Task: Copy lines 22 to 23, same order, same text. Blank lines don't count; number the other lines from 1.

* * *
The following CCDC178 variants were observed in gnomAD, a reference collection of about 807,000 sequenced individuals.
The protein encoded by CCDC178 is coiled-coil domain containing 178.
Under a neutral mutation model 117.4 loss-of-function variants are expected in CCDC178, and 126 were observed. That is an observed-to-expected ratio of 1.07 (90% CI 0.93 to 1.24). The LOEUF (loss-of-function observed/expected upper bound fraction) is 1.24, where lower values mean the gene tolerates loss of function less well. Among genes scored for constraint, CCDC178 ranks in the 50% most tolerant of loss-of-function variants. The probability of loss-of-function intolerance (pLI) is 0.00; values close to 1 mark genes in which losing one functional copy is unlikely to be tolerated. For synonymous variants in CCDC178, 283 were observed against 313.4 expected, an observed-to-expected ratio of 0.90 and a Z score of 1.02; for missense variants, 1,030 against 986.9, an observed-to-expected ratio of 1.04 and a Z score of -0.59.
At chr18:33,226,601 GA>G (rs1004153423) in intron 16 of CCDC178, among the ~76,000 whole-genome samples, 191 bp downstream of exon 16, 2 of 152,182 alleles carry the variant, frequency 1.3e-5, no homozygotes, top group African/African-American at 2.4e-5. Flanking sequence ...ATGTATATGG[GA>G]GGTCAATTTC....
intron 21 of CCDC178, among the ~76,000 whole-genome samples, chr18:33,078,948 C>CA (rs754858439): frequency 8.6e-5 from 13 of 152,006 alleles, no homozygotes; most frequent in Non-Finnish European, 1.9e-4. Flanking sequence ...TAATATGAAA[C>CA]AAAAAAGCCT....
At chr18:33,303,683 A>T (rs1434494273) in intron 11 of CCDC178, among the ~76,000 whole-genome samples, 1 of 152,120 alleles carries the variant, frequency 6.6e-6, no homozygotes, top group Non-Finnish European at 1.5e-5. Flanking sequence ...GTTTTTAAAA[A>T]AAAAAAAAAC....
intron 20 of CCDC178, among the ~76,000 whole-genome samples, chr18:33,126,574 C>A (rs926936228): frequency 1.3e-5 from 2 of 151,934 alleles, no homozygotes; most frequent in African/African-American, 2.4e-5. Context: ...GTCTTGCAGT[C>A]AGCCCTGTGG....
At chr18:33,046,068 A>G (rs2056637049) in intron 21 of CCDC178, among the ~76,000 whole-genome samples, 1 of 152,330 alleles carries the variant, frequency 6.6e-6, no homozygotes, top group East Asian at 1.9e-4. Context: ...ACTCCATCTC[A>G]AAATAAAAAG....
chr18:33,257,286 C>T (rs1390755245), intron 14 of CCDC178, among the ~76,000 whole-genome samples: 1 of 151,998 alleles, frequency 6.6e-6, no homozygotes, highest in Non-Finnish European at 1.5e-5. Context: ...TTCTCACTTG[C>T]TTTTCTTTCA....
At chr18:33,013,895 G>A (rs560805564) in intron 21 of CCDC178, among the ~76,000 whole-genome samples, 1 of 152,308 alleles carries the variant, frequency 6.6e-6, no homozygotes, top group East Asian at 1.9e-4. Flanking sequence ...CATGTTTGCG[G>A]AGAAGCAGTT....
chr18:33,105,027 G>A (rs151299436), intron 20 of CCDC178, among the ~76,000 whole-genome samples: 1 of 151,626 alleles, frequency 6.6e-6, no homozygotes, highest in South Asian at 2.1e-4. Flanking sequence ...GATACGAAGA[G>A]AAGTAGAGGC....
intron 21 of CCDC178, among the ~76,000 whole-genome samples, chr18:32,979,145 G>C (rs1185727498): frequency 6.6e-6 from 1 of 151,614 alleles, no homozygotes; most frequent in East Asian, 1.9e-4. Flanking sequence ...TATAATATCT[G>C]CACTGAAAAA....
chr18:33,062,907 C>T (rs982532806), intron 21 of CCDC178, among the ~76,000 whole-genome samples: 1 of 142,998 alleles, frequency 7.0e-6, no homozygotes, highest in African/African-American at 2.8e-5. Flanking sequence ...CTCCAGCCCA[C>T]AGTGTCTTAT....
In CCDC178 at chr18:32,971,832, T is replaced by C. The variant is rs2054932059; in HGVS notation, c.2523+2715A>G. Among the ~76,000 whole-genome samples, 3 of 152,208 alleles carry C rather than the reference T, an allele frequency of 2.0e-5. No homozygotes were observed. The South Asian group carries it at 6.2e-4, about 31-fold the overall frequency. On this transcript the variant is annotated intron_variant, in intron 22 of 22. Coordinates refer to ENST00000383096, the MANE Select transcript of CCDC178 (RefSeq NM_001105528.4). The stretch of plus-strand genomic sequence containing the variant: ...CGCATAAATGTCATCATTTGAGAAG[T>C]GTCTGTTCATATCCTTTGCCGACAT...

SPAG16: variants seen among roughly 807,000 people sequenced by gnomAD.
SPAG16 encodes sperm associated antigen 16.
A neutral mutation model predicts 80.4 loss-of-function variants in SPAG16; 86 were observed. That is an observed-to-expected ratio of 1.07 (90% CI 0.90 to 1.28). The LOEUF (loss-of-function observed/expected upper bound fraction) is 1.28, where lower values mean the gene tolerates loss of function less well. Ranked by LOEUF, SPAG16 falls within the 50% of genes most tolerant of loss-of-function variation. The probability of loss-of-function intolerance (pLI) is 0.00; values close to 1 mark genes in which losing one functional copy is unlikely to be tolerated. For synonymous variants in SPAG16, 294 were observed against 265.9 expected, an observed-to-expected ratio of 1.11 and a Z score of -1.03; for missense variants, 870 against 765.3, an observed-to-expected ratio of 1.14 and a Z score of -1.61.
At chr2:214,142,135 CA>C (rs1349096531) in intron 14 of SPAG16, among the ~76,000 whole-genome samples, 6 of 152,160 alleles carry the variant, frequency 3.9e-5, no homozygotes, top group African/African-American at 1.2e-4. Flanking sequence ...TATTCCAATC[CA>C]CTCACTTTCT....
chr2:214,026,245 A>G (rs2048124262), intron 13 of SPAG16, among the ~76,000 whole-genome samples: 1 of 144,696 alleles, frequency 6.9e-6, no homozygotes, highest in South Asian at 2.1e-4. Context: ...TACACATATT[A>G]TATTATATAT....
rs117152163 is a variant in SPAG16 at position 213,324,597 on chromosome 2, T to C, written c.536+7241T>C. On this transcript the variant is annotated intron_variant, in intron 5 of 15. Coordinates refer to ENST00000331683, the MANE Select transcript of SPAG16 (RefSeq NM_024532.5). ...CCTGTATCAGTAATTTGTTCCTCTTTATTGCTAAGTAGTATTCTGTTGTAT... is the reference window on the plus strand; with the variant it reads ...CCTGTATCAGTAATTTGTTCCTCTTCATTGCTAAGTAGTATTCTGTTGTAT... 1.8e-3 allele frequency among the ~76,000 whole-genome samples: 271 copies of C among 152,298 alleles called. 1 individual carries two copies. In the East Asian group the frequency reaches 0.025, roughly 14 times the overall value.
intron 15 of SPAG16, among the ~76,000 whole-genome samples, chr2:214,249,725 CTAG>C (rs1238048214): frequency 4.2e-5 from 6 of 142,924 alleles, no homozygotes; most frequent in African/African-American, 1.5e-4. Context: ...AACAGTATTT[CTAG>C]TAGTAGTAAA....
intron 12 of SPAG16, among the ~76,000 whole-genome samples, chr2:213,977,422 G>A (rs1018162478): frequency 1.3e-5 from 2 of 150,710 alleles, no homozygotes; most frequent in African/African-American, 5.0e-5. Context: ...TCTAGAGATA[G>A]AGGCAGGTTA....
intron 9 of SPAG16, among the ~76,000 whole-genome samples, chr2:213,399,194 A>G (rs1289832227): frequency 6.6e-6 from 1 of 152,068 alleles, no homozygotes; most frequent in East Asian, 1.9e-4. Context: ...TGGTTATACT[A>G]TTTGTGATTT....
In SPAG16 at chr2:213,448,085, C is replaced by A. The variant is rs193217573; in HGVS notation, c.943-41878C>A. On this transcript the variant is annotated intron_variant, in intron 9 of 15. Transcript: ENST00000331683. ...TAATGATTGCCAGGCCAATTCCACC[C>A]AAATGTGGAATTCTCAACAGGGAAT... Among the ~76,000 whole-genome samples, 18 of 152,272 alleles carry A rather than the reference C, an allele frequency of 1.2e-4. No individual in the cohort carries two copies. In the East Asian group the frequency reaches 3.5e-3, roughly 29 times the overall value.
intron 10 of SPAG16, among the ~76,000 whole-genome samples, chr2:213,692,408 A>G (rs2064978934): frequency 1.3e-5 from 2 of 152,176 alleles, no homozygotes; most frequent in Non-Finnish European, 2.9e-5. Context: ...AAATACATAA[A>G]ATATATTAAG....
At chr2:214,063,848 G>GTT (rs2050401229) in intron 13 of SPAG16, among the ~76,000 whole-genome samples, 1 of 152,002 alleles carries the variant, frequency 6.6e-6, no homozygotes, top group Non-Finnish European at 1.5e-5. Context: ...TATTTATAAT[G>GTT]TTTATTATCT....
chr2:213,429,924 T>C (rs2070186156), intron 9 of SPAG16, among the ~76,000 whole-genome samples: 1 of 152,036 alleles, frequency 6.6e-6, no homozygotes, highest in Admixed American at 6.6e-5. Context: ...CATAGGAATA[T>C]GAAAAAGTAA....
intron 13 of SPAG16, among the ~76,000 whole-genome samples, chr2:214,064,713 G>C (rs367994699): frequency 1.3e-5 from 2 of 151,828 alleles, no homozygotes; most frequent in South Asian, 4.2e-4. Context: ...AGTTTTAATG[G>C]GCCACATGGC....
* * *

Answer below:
intron 12 of SPAG16, among the ~76,000 whole-genome samples, chr2:213,977,422 G>A (rs1018162478): frequency 1.3e-5 from 2 of 150,710 alleles, no homozygotes; most frequent in African/African-American, 5.0e-5. Context: ...TCTAGAGATA[G>A]AGGCAGGTTA....
intron 9 of SPAG16, among the ~76,000 whole-genome samples, chr2:213,399,194 A>G (rs1289832227): frequency 6.6e-6 from 1 of 152,068 alleles, no homozygotes; most frequent in East Asian, 1.9e-4. Context: ...TGGTTATACT[A>G]TTTGTGATTT....